Show HN: How to Setup Node.js App Automated Deployment and CI with PM2 for MVP’s

April 2016

tldr; This article shows you how to configure an insanely simple
automated continuous integration and deployment setup for a Node.js
app using GitHub, PM2, Digital Ocean, and
SemaphoreCI. I wrote it because nothing like this in its
entirety exists. It should take you 30 minutes to set up properly.

CI PM2 Node GitHub Server Setup



I’ve used or explored nearly every CI testing tool there is for Node.js
(maybe?). I have tried TravisCI, but grew tired of constant downtime
and slow, very slow build times (…OK, the builds ran fast, but they did not
kick off quickly!). Also I’ve tried CircleCI, but their founders
removed my thoughts from their community because they didn’t
agree to allow the file name for YAML config to be .circle.yml instead of
circle.yml. I also faced troubles while trying to configure and set up
Jenkins (though it was while I was working with an inexperienced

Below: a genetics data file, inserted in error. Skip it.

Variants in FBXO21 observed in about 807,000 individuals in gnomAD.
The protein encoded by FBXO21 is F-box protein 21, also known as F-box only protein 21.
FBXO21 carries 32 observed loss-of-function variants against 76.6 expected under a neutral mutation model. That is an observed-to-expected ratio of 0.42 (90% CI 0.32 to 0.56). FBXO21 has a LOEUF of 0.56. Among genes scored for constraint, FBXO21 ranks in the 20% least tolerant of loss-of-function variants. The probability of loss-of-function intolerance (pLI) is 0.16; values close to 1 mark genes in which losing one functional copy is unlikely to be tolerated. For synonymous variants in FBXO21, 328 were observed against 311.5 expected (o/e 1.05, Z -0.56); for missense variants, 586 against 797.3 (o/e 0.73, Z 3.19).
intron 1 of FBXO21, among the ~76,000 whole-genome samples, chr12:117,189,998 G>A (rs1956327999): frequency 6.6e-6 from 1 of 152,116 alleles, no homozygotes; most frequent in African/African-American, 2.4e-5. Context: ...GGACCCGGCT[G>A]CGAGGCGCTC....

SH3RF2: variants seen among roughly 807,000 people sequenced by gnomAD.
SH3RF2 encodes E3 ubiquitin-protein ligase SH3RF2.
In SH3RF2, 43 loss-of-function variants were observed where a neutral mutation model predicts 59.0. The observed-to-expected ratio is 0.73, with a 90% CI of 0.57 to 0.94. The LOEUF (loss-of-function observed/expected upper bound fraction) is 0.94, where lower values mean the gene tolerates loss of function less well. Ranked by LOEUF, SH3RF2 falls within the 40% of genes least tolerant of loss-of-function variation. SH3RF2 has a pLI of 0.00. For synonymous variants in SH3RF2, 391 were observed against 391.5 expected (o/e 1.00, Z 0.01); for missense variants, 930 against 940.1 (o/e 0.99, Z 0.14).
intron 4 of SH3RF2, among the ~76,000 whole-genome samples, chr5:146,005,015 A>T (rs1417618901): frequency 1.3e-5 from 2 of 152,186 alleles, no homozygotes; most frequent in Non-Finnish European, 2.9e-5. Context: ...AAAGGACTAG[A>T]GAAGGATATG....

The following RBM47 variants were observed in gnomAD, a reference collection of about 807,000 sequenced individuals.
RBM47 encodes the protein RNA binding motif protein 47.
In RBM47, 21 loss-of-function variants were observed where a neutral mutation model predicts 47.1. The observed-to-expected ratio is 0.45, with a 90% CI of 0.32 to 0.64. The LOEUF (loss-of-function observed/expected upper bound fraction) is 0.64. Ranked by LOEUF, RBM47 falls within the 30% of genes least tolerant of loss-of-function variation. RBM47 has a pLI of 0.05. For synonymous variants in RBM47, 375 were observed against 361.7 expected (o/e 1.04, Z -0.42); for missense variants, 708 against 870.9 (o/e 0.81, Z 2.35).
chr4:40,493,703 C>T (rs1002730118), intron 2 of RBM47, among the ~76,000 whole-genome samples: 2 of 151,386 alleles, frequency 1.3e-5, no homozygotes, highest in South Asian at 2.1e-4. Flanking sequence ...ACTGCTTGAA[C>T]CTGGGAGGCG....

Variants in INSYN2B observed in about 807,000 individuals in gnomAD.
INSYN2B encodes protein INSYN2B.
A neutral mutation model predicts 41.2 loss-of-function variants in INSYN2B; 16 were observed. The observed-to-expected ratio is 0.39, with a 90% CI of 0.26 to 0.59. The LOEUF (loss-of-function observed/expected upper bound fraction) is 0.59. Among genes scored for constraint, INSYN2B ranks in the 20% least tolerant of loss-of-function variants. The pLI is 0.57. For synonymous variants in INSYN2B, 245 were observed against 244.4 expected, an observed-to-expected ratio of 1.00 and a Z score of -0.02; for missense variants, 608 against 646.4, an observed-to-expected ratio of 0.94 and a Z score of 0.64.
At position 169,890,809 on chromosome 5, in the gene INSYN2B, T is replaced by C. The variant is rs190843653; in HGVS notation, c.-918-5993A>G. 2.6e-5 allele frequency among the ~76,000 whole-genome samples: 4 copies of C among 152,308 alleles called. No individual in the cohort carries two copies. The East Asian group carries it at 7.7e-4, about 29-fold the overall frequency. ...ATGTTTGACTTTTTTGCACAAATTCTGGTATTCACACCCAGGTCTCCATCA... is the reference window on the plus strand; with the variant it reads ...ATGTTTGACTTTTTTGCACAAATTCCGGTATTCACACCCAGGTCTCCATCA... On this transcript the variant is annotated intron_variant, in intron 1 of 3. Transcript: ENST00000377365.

team, whom were the ones setting it up). I’ve also looked at
Shippable, but it really didn’t interest me, just like the rest
– because I now enjoy working with SemaphoreCI
namely since the prodigy TJ Holowaychuk recommended it to me.

For anyone interested in getting into the automated CI deployment business,
it’s relatively straightforward to market yourself – just list yourself
in all the Wikipedia articles, on Quora (with some upvote magic), have a good
service that doesn’t shut down or lie about build times, and have clear docs.
If you do those four things, you’re on the way to at least some passive income!

With regards to server hosting, I chose Digital Ocean because they rock.
I have never had a problem with them in over five years. That’s something!
I also printed t-shirts for Digital Ocean before I sold Teelaunch, and really
liked working with them.

Not only all that, but their service has great uptime, and their boxes
“droplets” are really fast to set up and reliable. I’m not a huge fan of
using Amazon EC2 and AWS in general for building Rapid MVP’s (of course
I would definitely use load balancing or something for scaling an app that has
thousands of users across the world). If your first question about building